STEMconnector

Intel Foundation Joins STEM Next Opportunity Fund to Launch Million Girls Moonshot

The Intel Foundation is excited to announce a partnership with the STEM Next Opportunity Fund (the legacy organization of the Robert N. Noyce Foundation), the Gordon and Betty Moore Foundation, and many other technology and philanthropic leaders to launch a nationwide initiative designed to help close the gender, socioeconomic and racial diversity gaps in STEM fields. The Million Girls Moonshot is a transformative, nationwide movement that will re-imagine who can engineer, who can build and who can invent.

Just as the original Moonshot nearly 60 years ago united the nation behind a common goal, the Million Girls Moonshot is taking a collaborative, collective impact approach to change the trajectory of women and girls in STEM. It will provide grant funding and in-kind resources such as technical assistance, access to educational resources and STEM mentors to the afterschool networks in all 50 states so they can provide high-quality, immersive STEM learning opportunities to the millions of children who participate in afterschool programs across the nation. By working with the Charles Stewart Mott Foundation’s afterschool networks, the Million Girls Moonshot has the potential to reach up to 10 million school-age children in more than 100,000 afterschool learning programs – many of whom live in communities that have traditionally lacked access to high-quality STEM education.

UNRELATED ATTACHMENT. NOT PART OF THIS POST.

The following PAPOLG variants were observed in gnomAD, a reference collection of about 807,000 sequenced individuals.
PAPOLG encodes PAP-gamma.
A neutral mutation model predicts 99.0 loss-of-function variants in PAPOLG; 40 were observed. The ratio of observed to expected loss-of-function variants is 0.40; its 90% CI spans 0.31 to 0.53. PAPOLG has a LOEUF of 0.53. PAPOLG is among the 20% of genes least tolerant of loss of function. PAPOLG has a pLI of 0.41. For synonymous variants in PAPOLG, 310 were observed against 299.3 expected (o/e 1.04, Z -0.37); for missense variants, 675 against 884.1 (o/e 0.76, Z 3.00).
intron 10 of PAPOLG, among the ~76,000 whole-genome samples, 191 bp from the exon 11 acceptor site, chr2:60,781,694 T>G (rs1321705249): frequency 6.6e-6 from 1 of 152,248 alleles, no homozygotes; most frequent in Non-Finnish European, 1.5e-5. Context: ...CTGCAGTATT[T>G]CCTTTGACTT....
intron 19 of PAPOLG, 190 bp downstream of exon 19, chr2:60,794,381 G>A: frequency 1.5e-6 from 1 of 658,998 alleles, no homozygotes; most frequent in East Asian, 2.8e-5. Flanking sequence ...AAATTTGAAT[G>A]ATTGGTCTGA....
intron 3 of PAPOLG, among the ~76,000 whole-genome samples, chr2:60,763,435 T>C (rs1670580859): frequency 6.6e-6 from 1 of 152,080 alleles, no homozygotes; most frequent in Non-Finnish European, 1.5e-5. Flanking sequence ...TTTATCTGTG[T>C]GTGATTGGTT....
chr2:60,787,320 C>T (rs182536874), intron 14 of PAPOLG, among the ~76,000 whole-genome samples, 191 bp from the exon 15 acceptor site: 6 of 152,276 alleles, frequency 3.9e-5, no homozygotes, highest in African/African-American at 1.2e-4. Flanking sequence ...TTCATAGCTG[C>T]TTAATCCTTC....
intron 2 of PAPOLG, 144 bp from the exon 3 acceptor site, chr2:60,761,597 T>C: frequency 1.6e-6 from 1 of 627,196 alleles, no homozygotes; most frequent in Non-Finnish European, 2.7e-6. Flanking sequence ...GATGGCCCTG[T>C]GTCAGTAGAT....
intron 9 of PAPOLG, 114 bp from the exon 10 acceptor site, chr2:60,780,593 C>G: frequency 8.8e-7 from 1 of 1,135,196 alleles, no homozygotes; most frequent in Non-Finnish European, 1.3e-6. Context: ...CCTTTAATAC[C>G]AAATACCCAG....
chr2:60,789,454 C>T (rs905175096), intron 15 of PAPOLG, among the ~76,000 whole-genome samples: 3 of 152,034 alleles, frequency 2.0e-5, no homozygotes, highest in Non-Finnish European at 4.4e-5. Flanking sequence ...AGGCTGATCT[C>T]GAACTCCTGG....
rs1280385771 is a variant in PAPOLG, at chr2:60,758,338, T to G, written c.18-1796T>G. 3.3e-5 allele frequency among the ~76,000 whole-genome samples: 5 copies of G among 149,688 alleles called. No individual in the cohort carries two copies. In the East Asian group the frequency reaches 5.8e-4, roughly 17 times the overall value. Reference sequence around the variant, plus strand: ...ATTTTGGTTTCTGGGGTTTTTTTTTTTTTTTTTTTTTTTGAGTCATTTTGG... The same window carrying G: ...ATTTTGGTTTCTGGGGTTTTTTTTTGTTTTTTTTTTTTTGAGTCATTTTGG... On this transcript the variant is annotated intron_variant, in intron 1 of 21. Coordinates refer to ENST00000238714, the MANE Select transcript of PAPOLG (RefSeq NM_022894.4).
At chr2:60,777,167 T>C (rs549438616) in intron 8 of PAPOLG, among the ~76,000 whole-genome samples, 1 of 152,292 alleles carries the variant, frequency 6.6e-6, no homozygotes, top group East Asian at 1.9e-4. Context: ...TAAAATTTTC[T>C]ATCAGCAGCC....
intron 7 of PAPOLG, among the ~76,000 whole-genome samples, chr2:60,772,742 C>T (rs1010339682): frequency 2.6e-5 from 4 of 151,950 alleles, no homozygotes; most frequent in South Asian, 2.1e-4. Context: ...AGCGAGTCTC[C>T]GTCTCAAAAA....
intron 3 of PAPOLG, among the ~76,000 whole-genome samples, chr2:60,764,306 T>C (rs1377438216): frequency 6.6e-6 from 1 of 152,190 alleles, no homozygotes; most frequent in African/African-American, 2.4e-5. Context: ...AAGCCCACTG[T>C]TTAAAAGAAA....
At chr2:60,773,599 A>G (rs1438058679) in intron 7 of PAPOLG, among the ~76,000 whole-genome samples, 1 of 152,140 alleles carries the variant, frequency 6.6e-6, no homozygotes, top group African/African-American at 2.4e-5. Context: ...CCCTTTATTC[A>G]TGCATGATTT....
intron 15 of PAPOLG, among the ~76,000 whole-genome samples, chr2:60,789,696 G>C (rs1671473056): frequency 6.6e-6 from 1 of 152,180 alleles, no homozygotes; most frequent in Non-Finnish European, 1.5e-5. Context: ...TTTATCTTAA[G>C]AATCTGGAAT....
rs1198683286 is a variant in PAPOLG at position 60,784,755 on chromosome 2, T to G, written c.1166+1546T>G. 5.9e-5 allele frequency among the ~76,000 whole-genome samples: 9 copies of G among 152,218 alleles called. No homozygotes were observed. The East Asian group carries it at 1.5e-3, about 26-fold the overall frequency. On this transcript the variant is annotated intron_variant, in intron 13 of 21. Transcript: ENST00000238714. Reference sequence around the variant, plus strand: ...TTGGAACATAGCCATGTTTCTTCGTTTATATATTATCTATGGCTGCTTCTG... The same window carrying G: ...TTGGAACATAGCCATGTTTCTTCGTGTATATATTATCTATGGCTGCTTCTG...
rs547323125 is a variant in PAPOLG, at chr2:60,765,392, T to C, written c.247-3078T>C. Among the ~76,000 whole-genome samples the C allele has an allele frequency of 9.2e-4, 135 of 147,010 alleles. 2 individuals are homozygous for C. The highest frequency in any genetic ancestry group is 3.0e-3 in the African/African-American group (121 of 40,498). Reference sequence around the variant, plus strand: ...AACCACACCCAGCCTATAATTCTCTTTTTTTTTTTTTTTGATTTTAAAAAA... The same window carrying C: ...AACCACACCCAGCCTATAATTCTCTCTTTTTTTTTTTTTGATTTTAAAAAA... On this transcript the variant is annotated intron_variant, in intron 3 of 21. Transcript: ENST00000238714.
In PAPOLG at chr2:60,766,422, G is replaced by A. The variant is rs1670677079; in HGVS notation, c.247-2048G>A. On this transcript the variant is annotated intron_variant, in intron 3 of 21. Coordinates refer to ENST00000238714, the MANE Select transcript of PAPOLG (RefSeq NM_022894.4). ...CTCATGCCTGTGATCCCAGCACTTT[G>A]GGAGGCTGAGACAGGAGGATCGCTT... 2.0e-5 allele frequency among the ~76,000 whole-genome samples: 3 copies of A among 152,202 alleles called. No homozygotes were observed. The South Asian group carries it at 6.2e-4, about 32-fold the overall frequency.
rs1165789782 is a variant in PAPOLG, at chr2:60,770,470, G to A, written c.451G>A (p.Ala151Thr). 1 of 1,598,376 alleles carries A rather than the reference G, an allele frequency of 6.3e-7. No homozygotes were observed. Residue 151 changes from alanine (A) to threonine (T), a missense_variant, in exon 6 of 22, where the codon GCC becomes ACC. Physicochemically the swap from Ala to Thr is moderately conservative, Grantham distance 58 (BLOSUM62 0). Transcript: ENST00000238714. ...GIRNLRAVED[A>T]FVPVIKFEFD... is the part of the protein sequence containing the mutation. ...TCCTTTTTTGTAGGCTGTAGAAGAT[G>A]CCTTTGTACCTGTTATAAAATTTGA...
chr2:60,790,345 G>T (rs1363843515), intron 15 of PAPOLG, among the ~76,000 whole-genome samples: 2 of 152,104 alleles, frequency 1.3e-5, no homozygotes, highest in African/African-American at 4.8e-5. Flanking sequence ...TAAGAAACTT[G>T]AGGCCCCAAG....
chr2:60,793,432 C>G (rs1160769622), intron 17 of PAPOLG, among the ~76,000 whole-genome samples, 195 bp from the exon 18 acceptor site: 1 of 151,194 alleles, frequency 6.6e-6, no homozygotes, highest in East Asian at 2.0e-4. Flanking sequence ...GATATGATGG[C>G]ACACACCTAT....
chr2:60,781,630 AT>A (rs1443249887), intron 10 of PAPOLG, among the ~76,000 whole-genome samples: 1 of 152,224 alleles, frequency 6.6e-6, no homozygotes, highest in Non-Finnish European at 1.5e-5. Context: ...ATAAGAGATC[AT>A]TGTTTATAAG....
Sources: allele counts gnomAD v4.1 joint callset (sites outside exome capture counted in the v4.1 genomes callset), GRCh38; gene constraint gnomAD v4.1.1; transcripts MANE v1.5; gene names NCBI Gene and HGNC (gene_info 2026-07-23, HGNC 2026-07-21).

As an inaugural funder, Intel Foundation is contributing $1 million in the first year, as well as technical assistance, access to our She Will Connect program, and support from Intel employee volunteers who can serve as STEM mentors and ignite a lasting passion for technology, engineering and computer science among girls and at-promise youth.

We’re thrilled at the way the Million Girls Moonshot brings together the charitable organizations of Intel’s founders Robert Noyce and Gordon Moore in leading the charge on this important initiative. By helping girls from diverse backgrounds develop an engineering mindset that encourages building, experimenting and perseverance, this is carrying on the legacy of Robert Noyce and his oft-repeated declaration, “Don’t be encumbered by history, go off and do something wonderful.”

Visit the Million Girls Moonshot website to learn more.

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